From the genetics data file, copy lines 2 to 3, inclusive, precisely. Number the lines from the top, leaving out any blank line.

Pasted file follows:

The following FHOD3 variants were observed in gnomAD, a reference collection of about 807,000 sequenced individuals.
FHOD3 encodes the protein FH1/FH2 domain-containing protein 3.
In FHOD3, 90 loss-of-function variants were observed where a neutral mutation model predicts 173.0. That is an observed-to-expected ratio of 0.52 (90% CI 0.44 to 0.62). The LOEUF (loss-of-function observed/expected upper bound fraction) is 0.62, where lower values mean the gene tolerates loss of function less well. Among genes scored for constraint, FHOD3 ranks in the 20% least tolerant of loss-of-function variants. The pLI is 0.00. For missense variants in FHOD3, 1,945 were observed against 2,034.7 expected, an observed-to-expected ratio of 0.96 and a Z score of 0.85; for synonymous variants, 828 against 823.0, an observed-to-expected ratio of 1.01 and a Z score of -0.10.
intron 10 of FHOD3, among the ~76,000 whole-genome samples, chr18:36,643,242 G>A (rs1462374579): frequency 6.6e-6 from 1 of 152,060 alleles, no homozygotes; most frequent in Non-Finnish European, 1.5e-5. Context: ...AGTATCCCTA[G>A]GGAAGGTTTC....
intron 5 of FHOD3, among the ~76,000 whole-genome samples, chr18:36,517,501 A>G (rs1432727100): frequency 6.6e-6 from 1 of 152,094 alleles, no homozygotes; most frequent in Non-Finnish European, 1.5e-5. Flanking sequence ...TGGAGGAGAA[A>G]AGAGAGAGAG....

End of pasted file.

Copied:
FHOD3 encodes the protein FH1/FH2 domain-containing protein 3.
In FHOD3, 90 loss-of-function variants were observed where a neutral mutation model predicts 173.0. That is an observed-to-expected ratio of 0.52 (90% CI 0.44 to 0.62). The LOEUF (loss-of-function observed/expected upper bound fraction) is 0.62, where lower values mean the gene tolerates loss of function less well. Among genes scored for constraint, FHOD3 ranks in the 20% least tolerant of loss-of-function variants. The pLI is 0.00. For missense variants in FHOD3, 1,945 were observed against 2,034.7 expected, an observed-to-expected ratio of 0.96 and a Z score of 0.85; for synonymous variants, 828 against 823.0, an observed-to-expected ratio of 1.01 and a Z score of -0.10.